Among the 2.5 million breast cancer survivors in the U.S. more than 40% of them have developed lymphedema (LE). Post-breast cancer LE, a syndrome of abnormal swelling and multiple distressing symptoms, is caused by injuries to the lymphatic system from cancer treatment. As advances in cancer treatment lengthen survival, LE has emerged as a high-impact long-term morbidity that profoundly impairs survivors'quality of life. All women undergoing breast cancer treatment are at lifetime risk for LE. While removal of lymph nodes, surgery, and radiation are the major causal factors for LE, cancer treatment is necessary for life-saving. Recent research has revealed that inflammation-infection and higher body mass index (BMI) are the main predictors of LE besides treatment-related risk. Unfortunately, these studies did not evaluate biomarkers known for inflammation, and thus the role of inflammation-infection in limb volume change (LVC) and LE development could not be ascertained. Elevated levels of proinflammatory biomarkers have been speculated to be associated with inflammation in patients with LE. Moreover, genetic variations may be one of the important factors that influence breast cancer survivors'responses to inflammatory processes and vulnerability to LE, including survivors'responses to treatment-related trauma (such as surgery and radiation) and triggering factors (such as infection, burns, minor injuries, and higher BMI or obesity). The purpose of this exploratory project is to prospectively examine levels and patterns of proinflammatory biomarkers and genetic variations in relation to LVC measured with the infra-red perometer-400T/350S over a 12-month period in breast cancer survivors who are at risk for LE. The project will employ a prospective, descriptive, and repeated-measure design. A sample of 120 women who are newly diagnosed and treated for invasive breast cancer will be recruited. Data will be collected over a 12-month period, including: (1) measuring and comparing LVC using the infra-red perometer, LE symptoms, BMI and body composition;(2) evaluating levels and patterns of proinflammatory biomarkers in relation to LVC;and (3) evaluating genotypes known for inflammation in relation to LVC. These proinflammatory biomarkers and candidate genes include lymphatic specific growth factors (VEGF-C &VEGF-D), cytokines (IL1-a, IL1-b, IL6, IL8, &IL10), and tumor necrosis factor-a. This project is an important first step toward gaining necessary knowledge and insights into breast cancer survivors'susceptibility, which may help to identify survivors at higher risk based on individual survivors'biomarker patterns and genetic factors. Findings of the project are fundamental in developing and testing more intense and personalized interventions to prevent and treat LE among the breast cancer survivors.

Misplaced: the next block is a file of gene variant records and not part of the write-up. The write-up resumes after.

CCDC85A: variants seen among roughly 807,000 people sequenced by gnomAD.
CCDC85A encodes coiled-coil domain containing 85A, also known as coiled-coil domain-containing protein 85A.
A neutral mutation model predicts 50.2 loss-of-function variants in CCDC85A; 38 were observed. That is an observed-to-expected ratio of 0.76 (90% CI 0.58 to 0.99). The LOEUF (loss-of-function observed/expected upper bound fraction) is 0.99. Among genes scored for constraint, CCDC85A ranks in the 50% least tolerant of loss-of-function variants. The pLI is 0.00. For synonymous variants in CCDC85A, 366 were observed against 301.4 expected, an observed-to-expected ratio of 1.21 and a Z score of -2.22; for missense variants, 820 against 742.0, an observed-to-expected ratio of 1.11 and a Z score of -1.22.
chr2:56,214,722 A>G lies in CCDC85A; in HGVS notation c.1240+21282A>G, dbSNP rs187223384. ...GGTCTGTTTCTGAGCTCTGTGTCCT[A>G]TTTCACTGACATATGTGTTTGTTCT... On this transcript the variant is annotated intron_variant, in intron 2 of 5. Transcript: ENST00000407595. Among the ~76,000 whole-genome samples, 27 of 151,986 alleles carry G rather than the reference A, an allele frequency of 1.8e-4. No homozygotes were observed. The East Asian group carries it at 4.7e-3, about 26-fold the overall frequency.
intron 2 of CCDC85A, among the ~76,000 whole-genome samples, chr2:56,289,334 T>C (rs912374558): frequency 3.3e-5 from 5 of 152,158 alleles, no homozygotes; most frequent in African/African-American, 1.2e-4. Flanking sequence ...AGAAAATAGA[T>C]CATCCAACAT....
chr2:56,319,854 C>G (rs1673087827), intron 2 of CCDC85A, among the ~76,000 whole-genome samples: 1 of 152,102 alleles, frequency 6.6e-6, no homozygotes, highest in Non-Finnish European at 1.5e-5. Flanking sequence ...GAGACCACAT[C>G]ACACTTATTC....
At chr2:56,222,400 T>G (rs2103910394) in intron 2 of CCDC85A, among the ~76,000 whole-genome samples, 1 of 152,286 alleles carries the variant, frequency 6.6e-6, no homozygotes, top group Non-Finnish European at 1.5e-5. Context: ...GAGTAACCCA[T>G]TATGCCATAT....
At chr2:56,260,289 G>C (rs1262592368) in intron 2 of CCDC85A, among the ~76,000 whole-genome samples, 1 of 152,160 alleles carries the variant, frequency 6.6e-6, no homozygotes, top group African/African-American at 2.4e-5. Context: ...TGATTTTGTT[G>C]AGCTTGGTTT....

Lymphedema, a syndrome of abnormal swelling and multiple distressing symptoms, is a major adverse effect of breast cancer treatment, which can cause long-term physical, psychological, social, and financial problems. The purpose of this exploratory project is to prospectively examine levels and patterns of proinflammatory biomarkers and genetic variations in relation to limb volume changes measured with the infra-red perometer- 400T/350S over a 12-month period in breast cancer survivors. This project is an important first step toward gaining necessary knowledge and insights into breast cancer survivors'susceptibility, which may help to identify survivors at higher risk based on individual survivors'biomarker patterns and genetic factors and potentially target the survivors at higher risk for more intense and personalized interventions to prevent and treat lymphedema.
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